Puerto Rico a subsidy--in the form of an annual block grant--
and to enact incentives to encourage investment in Puerto Rico. 
Proposals for such a governing arrangement have been 
consistently opposed by federal authorities in the executive 
and legislative branches, including this Committee, on both 
constitutional and policy grounds. Nevertheless, this hybrid 
proposal continues to be promoted in Puerto Rico as a feasible 
status option. Such proposals have resulted in misinformed and 
inconclusive referenda in Puerto Rico in July 1967, November 
1993, and December 1998.
    Lack of clear understanding in Puerto Rico regarding its 
viable, non-territorial status options is a chief reason for 
this legislation. A federal law would clarify the viable status 
options and thereby ensure that the self-determination process 
is well-informed and productive. In addition to the current 
territory status, there are three real status options that have 
support in Puerto Rico: (1) independence, (2) national 
sovereignty in association with the United States, whereby 
Puerto Rico and the U.S. would form a political association the 
terms of which would be negotiated between the parties and 
which would be terminable by either party, and (3) statehood.

Origins of the Bill

    The status referendum held in Puerto Rico in 1998 included 
a ``None of the above'' choice, in addition to the current 
status, independence, nationhood in association with the United 
States, and statehood. Advocates of the ``Development of the 
Commonwealth'' proposal campaigned for a ``None of the above'' 
vote. ``None of the above'' obtained just over 50% of the vote, 
statehood obtained 46.5%, independence obtained 2.5%, 
nationhood in association with the United States obtained .02%, 
and the current status obtained .01%.
    Because neither ``None of the above'' nor the ``Development 
of the Commonwealth'' proposal could become Puerto Rico's 
status, President William J. Clinton called for Puerto Rico's 
viable status options to be clarified and for a referendum to 
take place on those options. The then-Chairman and Ranking 
Member of this Committee, Don Young (R-AK) and George Miller 
(D-CA), issued a similar call. To facilitate this process, 
President Clinton established the President's Task Force on 
Puerto Rico's Status.
    In 2005, after extensive consultations with Puerto Rico's 
political parties, the Task Force issued a report recommending 
that Congress provide for a referendum in which the people of 
Puerto Rico would express their preference between continuing 
the current territory status and seeking a non-territory 
status. If the referendum resulted in a majority favoring the 
current status, the Task Force recommended that further 
referenda on the question be held periodically. If the 
referendum resulted in a majority expressing the desire to seek 
a non-territory status, the Task Force recommended that 
Congress provide for a referendum between statehood and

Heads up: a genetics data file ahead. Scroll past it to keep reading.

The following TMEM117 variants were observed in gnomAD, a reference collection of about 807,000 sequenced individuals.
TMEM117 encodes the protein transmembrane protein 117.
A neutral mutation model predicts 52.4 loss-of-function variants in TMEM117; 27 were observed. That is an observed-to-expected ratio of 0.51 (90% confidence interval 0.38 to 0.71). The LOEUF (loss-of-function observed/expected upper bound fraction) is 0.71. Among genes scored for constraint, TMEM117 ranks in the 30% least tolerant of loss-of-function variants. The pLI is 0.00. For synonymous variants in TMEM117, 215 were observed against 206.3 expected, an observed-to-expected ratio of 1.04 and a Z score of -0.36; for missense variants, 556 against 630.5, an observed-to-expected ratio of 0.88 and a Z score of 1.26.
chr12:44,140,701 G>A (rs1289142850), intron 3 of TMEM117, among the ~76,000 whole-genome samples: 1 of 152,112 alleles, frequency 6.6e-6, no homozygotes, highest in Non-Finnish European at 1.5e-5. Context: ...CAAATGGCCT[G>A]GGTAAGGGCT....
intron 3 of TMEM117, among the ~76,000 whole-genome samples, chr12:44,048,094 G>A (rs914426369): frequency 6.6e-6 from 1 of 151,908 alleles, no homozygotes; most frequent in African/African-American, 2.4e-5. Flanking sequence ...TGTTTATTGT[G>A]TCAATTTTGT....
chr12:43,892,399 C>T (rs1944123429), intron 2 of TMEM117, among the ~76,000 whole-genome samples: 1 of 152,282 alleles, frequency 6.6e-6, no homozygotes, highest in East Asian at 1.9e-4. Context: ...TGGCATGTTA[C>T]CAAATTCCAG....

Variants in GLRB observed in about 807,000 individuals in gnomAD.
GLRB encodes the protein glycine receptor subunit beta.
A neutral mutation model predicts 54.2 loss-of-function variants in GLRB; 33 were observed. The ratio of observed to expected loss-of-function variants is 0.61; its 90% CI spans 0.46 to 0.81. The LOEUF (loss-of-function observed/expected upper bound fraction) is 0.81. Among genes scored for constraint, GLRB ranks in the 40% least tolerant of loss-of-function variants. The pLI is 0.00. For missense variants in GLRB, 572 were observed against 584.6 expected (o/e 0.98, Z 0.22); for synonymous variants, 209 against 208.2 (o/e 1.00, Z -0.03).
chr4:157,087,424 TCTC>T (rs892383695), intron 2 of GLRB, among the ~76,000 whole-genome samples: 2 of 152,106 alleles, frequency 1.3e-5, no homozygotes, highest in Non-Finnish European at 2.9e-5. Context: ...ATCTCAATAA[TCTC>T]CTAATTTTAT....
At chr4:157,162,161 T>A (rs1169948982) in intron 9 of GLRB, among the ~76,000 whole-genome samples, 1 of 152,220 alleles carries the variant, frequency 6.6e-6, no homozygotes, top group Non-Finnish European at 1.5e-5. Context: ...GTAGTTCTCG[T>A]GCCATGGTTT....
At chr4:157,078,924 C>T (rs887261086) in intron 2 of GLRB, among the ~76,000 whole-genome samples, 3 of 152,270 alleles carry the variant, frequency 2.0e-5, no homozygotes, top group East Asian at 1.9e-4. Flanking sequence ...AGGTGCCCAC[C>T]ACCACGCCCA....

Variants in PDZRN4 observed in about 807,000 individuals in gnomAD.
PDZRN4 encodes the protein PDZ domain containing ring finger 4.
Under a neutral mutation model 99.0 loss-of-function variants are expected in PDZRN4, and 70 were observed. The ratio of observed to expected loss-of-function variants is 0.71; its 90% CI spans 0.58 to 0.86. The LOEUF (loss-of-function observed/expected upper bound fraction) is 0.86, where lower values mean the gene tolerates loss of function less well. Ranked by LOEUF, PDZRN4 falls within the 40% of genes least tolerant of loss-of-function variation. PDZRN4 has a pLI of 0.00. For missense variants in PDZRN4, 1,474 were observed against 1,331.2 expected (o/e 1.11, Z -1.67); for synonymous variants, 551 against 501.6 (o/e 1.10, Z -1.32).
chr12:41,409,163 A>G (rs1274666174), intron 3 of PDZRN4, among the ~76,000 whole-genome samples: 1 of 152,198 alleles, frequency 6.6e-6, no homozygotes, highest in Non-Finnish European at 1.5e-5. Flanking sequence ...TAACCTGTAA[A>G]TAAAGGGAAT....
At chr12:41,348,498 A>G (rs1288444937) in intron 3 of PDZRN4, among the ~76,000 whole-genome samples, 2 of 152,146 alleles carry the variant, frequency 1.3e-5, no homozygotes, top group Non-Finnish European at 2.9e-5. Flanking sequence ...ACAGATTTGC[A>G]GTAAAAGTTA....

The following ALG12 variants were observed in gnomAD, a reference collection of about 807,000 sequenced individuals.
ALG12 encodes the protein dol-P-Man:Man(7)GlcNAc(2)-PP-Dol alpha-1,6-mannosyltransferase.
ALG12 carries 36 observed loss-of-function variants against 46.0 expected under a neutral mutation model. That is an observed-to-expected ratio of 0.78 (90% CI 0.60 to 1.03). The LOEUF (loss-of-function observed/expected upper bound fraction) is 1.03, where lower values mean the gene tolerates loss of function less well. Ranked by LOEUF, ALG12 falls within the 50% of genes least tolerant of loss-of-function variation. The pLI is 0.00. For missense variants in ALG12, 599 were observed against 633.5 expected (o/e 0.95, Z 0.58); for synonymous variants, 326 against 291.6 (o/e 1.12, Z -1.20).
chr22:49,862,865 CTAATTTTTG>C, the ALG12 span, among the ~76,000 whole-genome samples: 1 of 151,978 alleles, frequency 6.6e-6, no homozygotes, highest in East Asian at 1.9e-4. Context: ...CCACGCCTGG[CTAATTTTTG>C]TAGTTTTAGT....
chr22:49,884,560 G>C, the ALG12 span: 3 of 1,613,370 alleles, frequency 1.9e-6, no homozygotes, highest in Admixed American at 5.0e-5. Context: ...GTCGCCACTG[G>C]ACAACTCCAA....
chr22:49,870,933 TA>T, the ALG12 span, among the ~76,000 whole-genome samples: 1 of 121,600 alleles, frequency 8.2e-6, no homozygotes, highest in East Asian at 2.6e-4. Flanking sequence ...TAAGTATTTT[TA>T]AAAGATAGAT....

nationhood. A bill (H.R. 4867) to implement the process 
recommended by the Task Force was introduced in the 109th 
Congress by then-Resident Commissioner--and now Governor--Luis 
G. Fortuno (R-PR) and was co-sponsored by 110 Members. A 
similar bill (H.R. 900) was introduced in the 110th Congress by 
Rep. Jose Serrano (D-NY) and cosponsored by 128 Members, 
including Resident Commissioner Fortuno. An amended version of 
the bill was favorably reported by this Committee.

                            COMMITTEE ACTION

    H.R. 2499 was introduced on May 19, 2009, by Resident 
Commissioner Pedro R. Pierluisi (D-PR). It was referred to the 
Committee on Natural Resources. On June 24, 2009, the Committee 
held a hearing on the bill. Witnesses included the governor of 
Puerto Rico, who also serves as the president of one of the 
territory's three major political parties; the presidents of 
Puerto Rico's other two major political parties; the presiding 
officers of the Legislative Assembly of Puerto Rico; the 
minority leader of the Puerto Rico Senate and a designee of the 
minority leader of the Puerto Rico House of Representatives; a 
former governor and resident commissioner; and Representatives 
Dan Burton (R-IN) and Alan Grayson (D-FL).
    On July 22, 2009, the Committee met to consider the bill. 
Representative Henry E. Brown (R-SC) offered an amendment that 
would require the Puerto Rico State Elections Commission to 
ensure that all ballots used for any plebiscite held under the 
Act include the full content of the ballot printed in English. 
The amendment was agreed to by a rollcall vote of 35-0, as 
follows:


    Representative Jason Chaffetz (R-UT) offered an amendment 
that would require that all costs associated with any 
plebiscite held under this Act be paid for by the Government of 
Puerto Rico. The amendment was agreed to by voice vote.
    Representative Jason Chaffetz (R-UT) offered an additional 
amendment that would require that two-thirds of voters, rather 
than a majority, vote in favor of a different political status 
in the first-stage plebiscite authorized by the bill in order 
to proceed to the second-stage plebiscite. The amendment would 
also add a ``Sense of Congress'' that any status option 
receiving less than two-thirds support in the second-stage